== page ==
If the UK government really has finally lifted a de facto ban on new onshore wind in England – and after numerous false dawns, a heavy dose of scepticism is still in order – then we can finally tear down a monument to energy policy stupidity.
It began as a crowd-pleasing bone to the Conservative Party faithful by Britain’s last Prime Minister-but-three David Cameron to help him win the 2015 general election. It turned into an eight-year self-inflicted wound in the British energy system, leaving the UK’s largest nation unable to add the cheapest and quickest-to-deploy source of zero-carbon capacity due to draconian planning rules.
Eight wasted years in which gigawatts of green power could have been added had their genesis in a campaign early last decade by the climate-sceptic right of the British media to halt the march of turbines that threatened to turn England’s green and pleasant land into a sinister, rotating mass of giant steel “monsters”.
Most unforgivably, in the view of the commentators of the Telegraph and others of that ilk, many of the machines were made in Germany, part of a European racket by European companies to gobble up the subsidies of the hard-working English taxpayer.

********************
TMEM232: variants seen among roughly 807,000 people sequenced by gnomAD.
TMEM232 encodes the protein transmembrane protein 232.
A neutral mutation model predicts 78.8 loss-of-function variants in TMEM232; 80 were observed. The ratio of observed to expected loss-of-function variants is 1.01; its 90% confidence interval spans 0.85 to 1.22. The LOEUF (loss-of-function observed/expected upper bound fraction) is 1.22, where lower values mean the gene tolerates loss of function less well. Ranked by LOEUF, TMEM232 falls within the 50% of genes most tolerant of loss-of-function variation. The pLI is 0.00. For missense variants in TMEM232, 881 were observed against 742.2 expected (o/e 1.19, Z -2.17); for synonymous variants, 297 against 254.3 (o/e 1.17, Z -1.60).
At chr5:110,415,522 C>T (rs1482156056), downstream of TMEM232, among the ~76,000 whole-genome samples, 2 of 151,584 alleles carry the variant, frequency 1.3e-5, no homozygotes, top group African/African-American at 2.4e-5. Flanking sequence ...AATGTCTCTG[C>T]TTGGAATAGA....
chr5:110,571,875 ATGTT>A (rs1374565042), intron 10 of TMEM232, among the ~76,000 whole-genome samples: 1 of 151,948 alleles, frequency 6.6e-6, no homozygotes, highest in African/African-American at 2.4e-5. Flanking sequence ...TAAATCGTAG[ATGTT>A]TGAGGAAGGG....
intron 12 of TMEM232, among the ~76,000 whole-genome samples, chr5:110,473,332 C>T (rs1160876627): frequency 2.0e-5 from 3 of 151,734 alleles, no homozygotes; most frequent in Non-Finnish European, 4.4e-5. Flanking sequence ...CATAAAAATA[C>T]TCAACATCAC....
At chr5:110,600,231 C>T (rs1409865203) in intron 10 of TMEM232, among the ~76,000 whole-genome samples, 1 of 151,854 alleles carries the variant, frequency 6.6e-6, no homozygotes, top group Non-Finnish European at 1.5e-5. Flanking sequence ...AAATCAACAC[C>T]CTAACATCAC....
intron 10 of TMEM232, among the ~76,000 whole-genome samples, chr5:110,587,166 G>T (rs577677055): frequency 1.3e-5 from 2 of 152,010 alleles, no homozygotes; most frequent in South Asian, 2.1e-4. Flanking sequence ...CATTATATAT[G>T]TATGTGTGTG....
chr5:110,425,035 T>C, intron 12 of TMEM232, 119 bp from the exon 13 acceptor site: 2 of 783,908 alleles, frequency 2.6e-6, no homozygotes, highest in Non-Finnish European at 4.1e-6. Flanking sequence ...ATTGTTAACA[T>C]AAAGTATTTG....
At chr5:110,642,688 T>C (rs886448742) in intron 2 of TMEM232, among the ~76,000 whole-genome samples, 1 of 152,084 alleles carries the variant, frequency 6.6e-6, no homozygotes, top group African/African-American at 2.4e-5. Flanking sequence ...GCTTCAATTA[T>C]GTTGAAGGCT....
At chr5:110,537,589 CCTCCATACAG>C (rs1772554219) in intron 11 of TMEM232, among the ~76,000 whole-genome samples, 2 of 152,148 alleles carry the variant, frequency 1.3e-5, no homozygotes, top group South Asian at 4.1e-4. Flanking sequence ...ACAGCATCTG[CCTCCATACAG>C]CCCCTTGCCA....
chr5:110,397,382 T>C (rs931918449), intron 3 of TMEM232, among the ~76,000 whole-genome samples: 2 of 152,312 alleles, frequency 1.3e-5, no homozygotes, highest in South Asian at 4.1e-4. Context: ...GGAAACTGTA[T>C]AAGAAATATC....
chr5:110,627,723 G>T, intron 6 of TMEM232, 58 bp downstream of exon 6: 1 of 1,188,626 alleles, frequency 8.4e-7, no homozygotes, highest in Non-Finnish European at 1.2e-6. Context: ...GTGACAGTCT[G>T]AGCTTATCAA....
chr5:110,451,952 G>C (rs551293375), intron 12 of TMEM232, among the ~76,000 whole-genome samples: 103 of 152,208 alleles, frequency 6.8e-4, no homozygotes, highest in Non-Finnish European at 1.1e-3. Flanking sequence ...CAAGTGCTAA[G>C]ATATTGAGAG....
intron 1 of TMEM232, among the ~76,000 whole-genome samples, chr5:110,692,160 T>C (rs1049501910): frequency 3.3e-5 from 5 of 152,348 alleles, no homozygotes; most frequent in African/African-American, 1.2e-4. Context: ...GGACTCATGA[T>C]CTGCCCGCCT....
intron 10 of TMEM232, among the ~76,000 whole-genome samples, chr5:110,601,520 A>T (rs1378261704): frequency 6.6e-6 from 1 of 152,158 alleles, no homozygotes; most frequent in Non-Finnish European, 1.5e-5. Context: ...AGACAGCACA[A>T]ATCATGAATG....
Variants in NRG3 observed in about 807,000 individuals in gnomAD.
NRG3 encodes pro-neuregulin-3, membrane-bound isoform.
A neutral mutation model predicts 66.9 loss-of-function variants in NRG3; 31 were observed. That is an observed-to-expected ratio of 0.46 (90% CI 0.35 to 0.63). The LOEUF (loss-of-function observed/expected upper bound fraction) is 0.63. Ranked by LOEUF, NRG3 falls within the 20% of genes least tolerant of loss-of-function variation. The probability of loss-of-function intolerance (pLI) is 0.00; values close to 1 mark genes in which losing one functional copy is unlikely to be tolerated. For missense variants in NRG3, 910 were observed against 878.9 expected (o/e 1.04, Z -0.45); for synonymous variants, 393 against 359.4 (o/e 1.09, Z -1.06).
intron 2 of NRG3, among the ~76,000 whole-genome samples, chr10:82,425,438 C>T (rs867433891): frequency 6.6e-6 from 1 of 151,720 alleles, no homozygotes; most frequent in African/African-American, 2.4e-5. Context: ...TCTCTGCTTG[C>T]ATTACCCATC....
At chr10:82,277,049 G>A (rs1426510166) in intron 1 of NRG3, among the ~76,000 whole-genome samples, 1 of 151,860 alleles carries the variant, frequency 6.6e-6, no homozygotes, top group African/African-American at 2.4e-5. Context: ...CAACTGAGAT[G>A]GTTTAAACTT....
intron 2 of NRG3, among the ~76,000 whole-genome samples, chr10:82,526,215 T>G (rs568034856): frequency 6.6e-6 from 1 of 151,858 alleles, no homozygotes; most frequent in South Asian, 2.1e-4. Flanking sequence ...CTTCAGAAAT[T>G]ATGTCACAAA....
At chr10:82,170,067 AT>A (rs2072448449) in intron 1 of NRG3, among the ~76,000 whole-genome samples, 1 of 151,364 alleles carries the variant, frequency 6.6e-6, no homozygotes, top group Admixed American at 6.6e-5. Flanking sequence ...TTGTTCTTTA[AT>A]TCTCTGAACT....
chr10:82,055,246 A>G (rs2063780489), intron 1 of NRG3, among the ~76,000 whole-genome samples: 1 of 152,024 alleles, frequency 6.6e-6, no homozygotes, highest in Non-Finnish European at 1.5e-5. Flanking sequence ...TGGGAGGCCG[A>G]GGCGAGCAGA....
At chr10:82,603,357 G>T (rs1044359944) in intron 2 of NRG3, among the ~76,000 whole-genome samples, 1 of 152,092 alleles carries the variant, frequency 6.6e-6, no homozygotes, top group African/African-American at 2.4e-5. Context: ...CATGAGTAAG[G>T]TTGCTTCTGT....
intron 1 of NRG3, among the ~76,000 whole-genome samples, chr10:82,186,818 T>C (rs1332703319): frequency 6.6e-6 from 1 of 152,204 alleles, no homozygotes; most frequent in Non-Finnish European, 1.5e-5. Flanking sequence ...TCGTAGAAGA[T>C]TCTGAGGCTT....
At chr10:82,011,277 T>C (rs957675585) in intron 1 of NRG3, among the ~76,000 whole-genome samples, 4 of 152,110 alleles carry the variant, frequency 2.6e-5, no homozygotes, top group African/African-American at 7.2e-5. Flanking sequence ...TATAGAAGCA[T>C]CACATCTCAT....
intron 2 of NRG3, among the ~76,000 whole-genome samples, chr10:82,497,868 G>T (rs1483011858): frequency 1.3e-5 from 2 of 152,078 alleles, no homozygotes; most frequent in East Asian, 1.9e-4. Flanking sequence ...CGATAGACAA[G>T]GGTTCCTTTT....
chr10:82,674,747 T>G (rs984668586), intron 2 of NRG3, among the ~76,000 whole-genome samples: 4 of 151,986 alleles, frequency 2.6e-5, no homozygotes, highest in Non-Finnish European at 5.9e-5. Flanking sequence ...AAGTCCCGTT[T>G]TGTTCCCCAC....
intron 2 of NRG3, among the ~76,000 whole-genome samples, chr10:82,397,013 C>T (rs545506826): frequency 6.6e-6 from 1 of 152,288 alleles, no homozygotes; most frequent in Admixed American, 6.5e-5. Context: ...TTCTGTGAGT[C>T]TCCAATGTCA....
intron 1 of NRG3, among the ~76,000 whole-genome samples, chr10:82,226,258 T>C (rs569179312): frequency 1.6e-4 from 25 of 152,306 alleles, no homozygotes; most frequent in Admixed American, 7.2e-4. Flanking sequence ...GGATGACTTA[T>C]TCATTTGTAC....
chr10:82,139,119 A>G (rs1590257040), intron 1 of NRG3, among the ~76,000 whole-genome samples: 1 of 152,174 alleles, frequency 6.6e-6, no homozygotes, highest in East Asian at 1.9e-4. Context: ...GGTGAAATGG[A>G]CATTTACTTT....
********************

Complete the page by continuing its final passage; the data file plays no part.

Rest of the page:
These pundits somehow managed to turn the issue of energy infrastructure into a cross between the War of the Worlds and the Battle of Britain, with an early pinch of Brexit in the mix too.
The biggest irony of this shamelessly populist policy is that there is no evidence that it has ever been popular, beyond the tiny but vocal minority that conjured it into Cameron’s 2015 election manifesto and consigned that ill-fated Prime Minister’s earlier pledge to lead “Britain’s greenest ever government” to the history books.
Opinion poll after poll in the run up to the 2015 election showed that the people of England not only failed to share the Telegraph’s horror at onshore wind but actively embraced the prospect of more turbines. Poll after poll taken since has confirmed the same, even among the Conservative voters the whole sorry exercise was supposed to appeal to.
None of this is to say that moving to a more realistic planning regime for onshore wind, if that's what today's announcement brings about, will mark the end of the controversy and conflict that can accompany any major infrastructure plan, as the furore over onshore grid works for North Sea offshore wind proves.
But it will hopefully put onshore wind on a sensible footing where projects can be approved but also rejected, as the saner planning environment of Scotland has shown.
Above all, we should ponder the circumstances of how the obsessions of a minority of a minority for almost a decade stopped a nation of almost 60 million from achieving its full energy transition potential.